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Although a number of small fishing and leisure boats often sailed out to the Caroline ship, the main tender left every couple of weeks from Dunkirk in France, usually subject to the seas being less than gale force ... but not always!

It was a ship called the Bellatrix, almost as big as the Ross Revenge itself. We left on the tail end of a gale and following a bumpy journey to the Knock Deep we dropped anchor a few hundred yards away from my new home.


In calm seas the supply ship tied up to the stern of the radio ship and it was  "just " a case of stepping from one ship to the other, but on this occasion the storm was still blowing out so the transfer involved a commando style crossing in a rubber boat. I arrived onboard soaked to the skin after hanging precariously from a broken rope ladder while three waves broke over me. I was very wet and very cold. I made my way to the mess room radiator and wondered if I'd made a wise move.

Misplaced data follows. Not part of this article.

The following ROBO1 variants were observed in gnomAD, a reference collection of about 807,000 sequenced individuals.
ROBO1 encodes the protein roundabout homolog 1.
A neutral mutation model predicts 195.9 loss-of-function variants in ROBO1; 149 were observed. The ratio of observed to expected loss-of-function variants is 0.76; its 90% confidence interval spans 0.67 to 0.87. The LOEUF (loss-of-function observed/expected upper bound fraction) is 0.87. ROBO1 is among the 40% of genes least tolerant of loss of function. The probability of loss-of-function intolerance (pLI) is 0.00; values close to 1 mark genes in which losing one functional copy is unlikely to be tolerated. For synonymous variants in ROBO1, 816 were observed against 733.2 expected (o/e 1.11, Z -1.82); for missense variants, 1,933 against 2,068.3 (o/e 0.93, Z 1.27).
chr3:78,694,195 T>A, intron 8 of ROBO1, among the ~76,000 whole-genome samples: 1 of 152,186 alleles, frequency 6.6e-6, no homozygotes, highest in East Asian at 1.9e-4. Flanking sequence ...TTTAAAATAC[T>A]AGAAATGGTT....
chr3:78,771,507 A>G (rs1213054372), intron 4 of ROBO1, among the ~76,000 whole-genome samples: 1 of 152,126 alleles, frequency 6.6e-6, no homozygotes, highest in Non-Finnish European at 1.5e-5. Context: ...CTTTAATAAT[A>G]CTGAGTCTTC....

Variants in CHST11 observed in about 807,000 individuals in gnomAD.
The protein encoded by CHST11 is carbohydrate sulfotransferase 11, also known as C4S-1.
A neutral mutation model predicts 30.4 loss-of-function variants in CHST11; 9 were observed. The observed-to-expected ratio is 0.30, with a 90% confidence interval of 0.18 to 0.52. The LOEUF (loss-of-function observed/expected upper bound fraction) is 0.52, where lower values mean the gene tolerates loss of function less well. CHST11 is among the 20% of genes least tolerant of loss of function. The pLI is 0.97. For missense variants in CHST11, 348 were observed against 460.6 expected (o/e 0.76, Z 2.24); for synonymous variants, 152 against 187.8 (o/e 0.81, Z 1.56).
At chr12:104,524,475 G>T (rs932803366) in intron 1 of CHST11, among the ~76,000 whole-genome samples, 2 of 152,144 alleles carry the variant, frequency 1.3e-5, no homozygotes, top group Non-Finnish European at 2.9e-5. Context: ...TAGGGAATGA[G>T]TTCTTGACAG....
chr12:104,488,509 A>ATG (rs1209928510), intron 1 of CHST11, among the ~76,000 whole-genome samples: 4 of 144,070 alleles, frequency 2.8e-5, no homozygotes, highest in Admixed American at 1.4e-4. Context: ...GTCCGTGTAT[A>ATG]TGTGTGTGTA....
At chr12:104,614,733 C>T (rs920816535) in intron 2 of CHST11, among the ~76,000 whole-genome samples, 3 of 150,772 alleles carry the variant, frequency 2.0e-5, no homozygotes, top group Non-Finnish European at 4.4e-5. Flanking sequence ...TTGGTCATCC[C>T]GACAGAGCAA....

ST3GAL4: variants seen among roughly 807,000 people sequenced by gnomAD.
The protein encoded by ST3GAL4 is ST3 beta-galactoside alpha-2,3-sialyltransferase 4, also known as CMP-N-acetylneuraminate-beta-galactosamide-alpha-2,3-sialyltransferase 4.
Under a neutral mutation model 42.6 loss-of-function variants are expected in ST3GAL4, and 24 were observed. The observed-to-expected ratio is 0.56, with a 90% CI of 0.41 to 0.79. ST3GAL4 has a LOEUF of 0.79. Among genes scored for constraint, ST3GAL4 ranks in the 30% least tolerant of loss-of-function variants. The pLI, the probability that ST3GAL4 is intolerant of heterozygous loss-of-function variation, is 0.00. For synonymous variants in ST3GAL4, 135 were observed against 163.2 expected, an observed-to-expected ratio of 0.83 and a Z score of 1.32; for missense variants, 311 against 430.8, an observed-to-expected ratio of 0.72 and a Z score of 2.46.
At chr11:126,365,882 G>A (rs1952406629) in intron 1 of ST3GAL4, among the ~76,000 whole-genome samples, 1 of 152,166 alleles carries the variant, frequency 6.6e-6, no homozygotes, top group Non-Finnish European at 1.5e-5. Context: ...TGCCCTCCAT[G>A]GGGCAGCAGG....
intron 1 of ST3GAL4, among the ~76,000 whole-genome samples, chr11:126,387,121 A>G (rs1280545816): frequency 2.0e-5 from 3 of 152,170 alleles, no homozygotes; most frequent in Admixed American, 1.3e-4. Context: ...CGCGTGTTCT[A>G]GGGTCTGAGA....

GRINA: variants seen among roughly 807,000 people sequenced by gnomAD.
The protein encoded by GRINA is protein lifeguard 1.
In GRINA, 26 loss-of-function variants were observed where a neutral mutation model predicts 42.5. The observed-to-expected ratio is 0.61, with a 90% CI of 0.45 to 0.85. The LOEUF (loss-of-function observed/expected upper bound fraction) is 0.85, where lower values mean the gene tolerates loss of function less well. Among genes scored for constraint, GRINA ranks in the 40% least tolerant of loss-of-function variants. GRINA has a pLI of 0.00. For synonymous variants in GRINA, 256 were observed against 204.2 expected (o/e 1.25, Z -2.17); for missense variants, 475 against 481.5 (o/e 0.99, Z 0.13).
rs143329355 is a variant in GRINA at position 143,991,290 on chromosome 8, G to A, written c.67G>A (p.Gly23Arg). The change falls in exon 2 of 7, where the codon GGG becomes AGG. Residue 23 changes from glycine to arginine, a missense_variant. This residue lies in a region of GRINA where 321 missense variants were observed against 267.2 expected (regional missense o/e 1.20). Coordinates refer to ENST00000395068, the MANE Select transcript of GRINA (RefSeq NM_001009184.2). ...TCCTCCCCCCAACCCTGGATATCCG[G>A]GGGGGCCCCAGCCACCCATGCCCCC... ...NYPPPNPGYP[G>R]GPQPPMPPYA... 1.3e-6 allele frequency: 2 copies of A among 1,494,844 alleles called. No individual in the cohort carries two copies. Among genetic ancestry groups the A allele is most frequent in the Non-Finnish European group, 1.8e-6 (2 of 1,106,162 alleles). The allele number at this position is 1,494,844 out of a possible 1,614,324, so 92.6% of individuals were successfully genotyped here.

The arrival of the tender was always a time of frantic activity with crew changes, new supplies to be stowed onboard and fuel and water supplies to be replenished, eventually I was allocated a cabin and after a change of clothes and a good meal I soon settled into life on a pirate radio ship. The fact that I'd nearly drowned and nobody cared wasn't a personal thing, it's just that things had to be prioritised and drowning was looked upon as an inconvienience.


It was decided that dispite having no proper previous radio experience I was to take care of the afternoon show, starting at 1pm the following day, but first I had a quick lesson on the studio equipment. I had to wait until after midnight when, on Monday mornings, the radio station closed down for maintainence.

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Videos from Jan Veldkamp of Radio Monique, also broadcasting from the Caroline ship: A pleasant journey in a small boat on a Sunday afternoon - transferring from the Bellatrix to the Ross Revenge and the second video shows a visit from the Laser crew on a much calmer day.